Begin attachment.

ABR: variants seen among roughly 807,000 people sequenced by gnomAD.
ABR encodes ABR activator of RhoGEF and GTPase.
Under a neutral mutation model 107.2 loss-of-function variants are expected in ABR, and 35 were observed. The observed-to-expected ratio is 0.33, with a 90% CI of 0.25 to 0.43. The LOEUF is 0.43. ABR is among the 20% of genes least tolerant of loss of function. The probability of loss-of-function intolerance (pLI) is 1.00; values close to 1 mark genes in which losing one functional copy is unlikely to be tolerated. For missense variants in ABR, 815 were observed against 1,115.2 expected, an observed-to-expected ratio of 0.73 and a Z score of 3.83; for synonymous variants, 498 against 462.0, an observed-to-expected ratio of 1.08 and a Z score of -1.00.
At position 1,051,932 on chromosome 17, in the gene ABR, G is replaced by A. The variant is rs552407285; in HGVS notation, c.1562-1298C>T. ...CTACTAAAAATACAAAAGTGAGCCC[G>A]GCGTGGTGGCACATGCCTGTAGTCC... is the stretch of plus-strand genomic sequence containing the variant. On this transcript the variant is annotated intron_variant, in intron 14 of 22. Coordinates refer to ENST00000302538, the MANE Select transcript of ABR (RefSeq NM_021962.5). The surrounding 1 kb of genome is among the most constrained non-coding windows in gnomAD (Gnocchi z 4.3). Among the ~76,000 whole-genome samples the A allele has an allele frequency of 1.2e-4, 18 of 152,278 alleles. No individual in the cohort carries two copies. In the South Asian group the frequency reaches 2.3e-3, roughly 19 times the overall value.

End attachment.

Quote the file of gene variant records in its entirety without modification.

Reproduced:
ABR: variants seen among roughly 807,000 people sequenced by gnomAD.
ABR encodes ABR activator of RhoGEF and GTPase.
Under a neutral mutation model 107.2 loss-of-function variants are expected in ABR, and 35 were observed. The observed-to-expected ratio is 0.33, with a 90% CI of 0.25 to 0.43. The LOEUF is 0.43. ABR is among the 20% of genes least tolerant of loss of function. The probability of loss-of-function intolerance (pLI) is 1.00; values close to 1 mark genes in which losing one functional copy is unlikely to be tolerated. For missense variants in ABR, 815 were observed against 1,115.2 expected, an observed-to-expected ratio of 0.73 and a Z score of 3.83; for synonymous variants, 498 against 462.0, an observed-to-expected ratio of 1.08 and a Z score of -1.00.
At position 1,051,932 on chromosome 17, in the gene ABR, G is replaced by A. The variant is rs552407285; in HGVS notation, c.1562-1298C>T. ...CTACTAAAAATACAAAAGTGAGCCC[G>A]GCGTGGTGGCACATGCCTGTAGTCC... is the stretch of plus-strand genomic sequence containing the variant. On this transcript the variant is annotated intron_variant, in intron 14 of 22. Coordinates refer to ENST00000302538, the MANE Select transcript of ABR (RefSeq NM_021962.5). The surrounding 1 kb of genome is among the most constrained non-coding windows in gnomAD (Gnocchi z 4.3). Among the ~76,000 whole-genome samples the A allele has an allele frequency of 1.2e-4, 18 of 152,278 alleles. No individual in the cohort carries two copies. In the South Asian group the frequency reaches 2.3e-3, roughly 19 times the overall value.